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This eBook from the Gutenberg Project consists of approximately 29 pages of information about The National Preacher, Vol. 2 No. 7 Dec. 1827.

OR

Original Sketches of real Characters, Conversations, and striking Facts.  Furnished chiefly by Clergymen.

The following imperfect sketch of topics to be embraced, may serve to illustrate the plan:—­1.  Instances of very early piety.—­2.  Striking results of Parental faithfulness, or unfaithfulness; of filial respect, or disrespect.—­3.  Cases of individuals raised from deep obscurity, or wickedness, to eminent usefulness.—­4.  Remarkable cases of conviction.—­5.  Cases of great hardness of heart, from resisting convictions.—­6.  Distinctly marked cases of submission and conversion to God.—­7.  Cases of awful relapse into sin.—­8.  Cases of strong temptation and trial.—­9.  Cases of strong faith and confidence in God.—­10.  Peculiarly manifest interpositions of Providence, in mercy or judgment.—­11.  Instances of the wrath of man being made to praise God.—­12.  Cases illustrative of the influence of piety on the intellectual powers.—­13.  Instances of extraordinary beneficence or covetousness.—­14.  Death-bed scenes, of the Christian, the backslider, the infidel, the universalist, the profane man, or the worldling.

It is conceived that the very existence of such a Periodical might be the means of leading Clergymen, in their pastoral intercourse, to be more observant of character, more discriminating in their views of human nature, and more disposed to record and rescue from oblivion striking conversations and facts.  No species of knowledge can be more interesting or more useful, than that thus drawn from real life;—­especially from portions of life most intimately connected with spiritual and eternal realities.  If it is all-important that masters in surgery and medicine record, for mutual improvement, and for the benefit of mankind, striking cases which occur in their practice; it cannot, surely, be less important, that those who watch for the life of souls, should preserve similar records.  It would seem as though, from the daily intercourse of several thousand Clergymen, such materials, of the character contemplated, might be furnished, as, if well condensed and judiciously arranged in an elegant Periodical, would not fail to be read with intense and general interest.  And who can tell, but that God, who is rich in wisdom, may thus employ the simplest means for collecting, condensing, and reflecting rays of sacred truth, in the form of practical results, which may carry conviction and saving instruction to uncounted millions—­not merely in our own land, but in more populous countries, where the importance of experimental religion is not appreciated?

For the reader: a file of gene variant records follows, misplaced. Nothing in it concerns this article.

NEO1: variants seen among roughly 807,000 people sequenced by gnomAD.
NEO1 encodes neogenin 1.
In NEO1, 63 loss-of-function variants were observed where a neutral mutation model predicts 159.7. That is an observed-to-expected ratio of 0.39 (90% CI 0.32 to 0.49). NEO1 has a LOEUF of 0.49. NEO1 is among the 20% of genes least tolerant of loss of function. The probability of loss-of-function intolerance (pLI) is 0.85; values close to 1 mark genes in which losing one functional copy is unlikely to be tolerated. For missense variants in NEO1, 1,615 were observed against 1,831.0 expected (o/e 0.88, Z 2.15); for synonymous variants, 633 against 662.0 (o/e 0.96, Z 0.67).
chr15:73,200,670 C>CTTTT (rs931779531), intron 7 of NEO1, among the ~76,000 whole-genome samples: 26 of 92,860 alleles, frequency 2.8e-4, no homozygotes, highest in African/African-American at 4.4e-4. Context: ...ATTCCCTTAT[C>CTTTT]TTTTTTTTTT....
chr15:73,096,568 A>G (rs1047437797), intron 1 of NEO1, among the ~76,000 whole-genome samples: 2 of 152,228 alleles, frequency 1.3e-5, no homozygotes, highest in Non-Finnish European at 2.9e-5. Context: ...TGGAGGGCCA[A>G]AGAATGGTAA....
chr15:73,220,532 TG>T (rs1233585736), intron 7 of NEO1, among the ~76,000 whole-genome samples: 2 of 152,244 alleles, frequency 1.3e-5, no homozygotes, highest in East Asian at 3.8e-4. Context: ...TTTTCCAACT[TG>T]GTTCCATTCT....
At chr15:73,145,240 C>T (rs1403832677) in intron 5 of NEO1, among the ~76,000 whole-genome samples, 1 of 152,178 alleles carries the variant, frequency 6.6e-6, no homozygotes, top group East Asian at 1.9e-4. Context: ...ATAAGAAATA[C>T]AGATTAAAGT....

But, for rendering such a work pre-eminently useful, or even commencing it, there must be union of effort.  As it is intended to consist wholly of original matter, and that of a specific character, such as no genius can originate, it is obvious that it cannot be commenced, without being furnished with numerous pledges of supplies.  And it will be important to have a considerable number of communications on hand, at the commencement, as well as afterwards, that due regard may be had to order in the arrangement of subjects, and an interesting variety be presented in every Number.

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